4 December 2017

Gambia: One Year After Elections - What Is the Way Forward?

Question Of The Day

It is now one year since the President Adama Barrow was declared elected after he gained the most votes at the 1 December 2016 presidential election.

He was selected and supported by seven opposition Political Parties (GMC, GPDP, NCP, NRP, PDOIS, PPP and UDP) and the Independent Candidate (Dr. Isatou Touray) in a democratic process. The demand of the time was that ex-President Jammeh must go.

The Coalition Candidate, Adama Barrow, who stood as an Independent Candidate, had a manifesto and committed himself to a three-year transition period.

He committed himself to economic stabilization and sustainable development. He hoped to achieve this through financial discipline both in terms of fiscal policy, public spending and revenue generation while encouraging expenditure based on means so as to reduce dependence on debt to meet budgetary requirements, increasing the income of low earners such as pensioners and those at the lower grades, enhancing the growth of the agricultural, industrial and service sectors as well as the informal sector of the economy.

The aim of the transitional administration is to stabilize the fundamentals of the economy and then push towards sustainable growth to serve as a foundation.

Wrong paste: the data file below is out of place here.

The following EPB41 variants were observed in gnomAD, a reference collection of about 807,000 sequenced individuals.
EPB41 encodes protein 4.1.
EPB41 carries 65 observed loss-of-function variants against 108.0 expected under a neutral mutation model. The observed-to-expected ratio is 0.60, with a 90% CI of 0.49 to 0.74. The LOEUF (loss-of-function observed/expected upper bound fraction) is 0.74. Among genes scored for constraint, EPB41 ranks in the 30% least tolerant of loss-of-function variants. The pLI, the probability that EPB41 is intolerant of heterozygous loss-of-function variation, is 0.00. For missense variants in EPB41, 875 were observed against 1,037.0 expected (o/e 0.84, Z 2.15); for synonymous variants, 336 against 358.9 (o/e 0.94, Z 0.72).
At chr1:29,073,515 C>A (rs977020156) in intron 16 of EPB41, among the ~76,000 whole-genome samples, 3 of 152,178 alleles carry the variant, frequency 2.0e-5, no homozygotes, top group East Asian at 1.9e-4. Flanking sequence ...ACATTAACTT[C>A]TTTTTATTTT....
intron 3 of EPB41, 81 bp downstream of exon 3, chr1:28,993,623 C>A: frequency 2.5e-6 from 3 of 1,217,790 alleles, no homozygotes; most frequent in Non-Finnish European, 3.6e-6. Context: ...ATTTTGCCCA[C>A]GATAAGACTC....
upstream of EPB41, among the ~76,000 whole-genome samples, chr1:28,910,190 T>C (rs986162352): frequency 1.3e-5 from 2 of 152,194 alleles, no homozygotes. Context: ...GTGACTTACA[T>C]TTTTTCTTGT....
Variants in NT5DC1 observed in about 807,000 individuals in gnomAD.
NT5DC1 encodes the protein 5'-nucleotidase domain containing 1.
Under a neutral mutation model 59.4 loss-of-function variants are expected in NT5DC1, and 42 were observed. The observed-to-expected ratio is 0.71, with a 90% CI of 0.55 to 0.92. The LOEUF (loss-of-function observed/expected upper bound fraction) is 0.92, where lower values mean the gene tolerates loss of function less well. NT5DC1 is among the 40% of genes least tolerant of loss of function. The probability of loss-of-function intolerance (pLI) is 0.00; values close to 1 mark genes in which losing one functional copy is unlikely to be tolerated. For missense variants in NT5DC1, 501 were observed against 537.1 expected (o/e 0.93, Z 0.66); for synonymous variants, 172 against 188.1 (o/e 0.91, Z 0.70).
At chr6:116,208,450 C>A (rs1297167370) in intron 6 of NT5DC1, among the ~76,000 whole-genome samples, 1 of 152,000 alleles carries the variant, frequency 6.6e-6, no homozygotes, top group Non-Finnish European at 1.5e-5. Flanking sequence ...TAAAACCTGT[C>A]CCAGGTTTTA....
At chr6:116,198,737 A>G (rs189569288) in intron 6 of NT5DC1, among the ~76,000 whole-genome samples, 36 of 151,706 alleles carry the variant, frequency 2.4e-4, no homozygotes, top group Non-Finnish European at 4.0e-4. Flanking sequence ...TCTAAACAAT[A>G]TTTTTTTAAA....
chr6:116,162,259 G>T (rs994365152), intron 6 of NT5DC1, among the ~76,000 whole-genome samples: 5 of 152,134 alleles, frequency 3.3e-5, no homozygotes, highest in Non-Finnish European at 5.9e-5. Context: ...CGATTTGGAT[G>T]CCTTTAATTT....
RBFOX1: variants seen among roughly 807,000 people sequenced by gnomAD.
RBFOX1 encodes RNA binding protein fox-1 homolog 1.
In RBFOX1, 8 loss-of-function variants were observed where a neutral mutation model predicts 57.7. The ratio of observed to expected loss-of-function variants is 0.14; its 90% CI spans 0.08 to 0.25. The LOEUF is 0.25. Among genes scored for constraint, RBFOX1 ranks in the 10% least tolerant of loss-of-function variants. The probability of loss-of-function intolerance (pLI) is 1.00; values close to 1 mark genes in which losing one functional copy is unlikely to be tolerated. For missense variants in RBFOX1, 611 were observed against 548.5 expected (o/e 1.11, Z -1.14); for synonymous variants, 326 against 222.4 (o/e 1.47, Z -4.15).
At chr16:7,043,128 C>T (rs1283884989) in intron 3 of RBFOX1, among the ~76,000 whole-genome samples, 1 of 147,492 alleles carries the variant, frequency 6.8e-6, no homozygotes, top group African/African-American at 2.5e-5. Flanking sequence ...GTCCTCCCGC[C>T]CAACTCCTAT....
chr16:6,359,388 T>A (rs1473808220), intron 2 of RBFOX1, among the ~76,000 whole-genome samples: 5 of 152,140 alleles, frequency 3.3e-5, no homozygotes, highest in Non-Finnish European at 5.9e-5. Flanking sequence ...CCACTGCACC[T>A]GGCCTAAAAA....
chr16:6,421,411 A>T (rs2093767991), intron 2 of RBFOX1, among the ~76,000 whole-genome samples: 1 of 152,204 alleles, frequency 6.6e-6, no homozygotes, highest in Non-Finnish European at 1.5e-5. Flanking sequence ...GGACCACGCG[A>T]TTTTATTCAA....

In the delivery of social services, the Coalition Government would work towards delivering quality and relevant basic education that is free, accessible and compulsory; primary health care focusing on the basic health needs of the population will be the basis of the health delivery system of the Coalition.

Regarding good governance, the transitional government will treat all Gambians equally regardless of gender, political, religious and tribal affiliation; respect human rights and will not engage in any form of revenge or witch hunt.

Regarding democracy and the rule of law, it will undertake institutional reforms of the executive, legislature, judiciary, civil service and other oversight institutions such as the office of the Ombudsman and the Independent Electoral Commission (IEC); review the Constitution and the Elections Act, work for a two term limit and the age limit of a presidential candidate, amend section 91 of the constitution, strengthen the security of tenure of judicial officials and members of the IEC, enact a Freedom of Information Act to strengthen media oversight, an NGO Act to promote Civil Society oversight, restructure and revitalize the law Reform Commission, protect civil servants and disciplined forces from being used for partisan political objectives; open the public media to divergent views and opinion as required by section 208 of the 1997 constitution and so on so forth.

The way forward is the implementation of the programme.

President Barrow himself has recognized that the "people have resolved that no longer again will the country return to misrule, bad governance and dictatorship."


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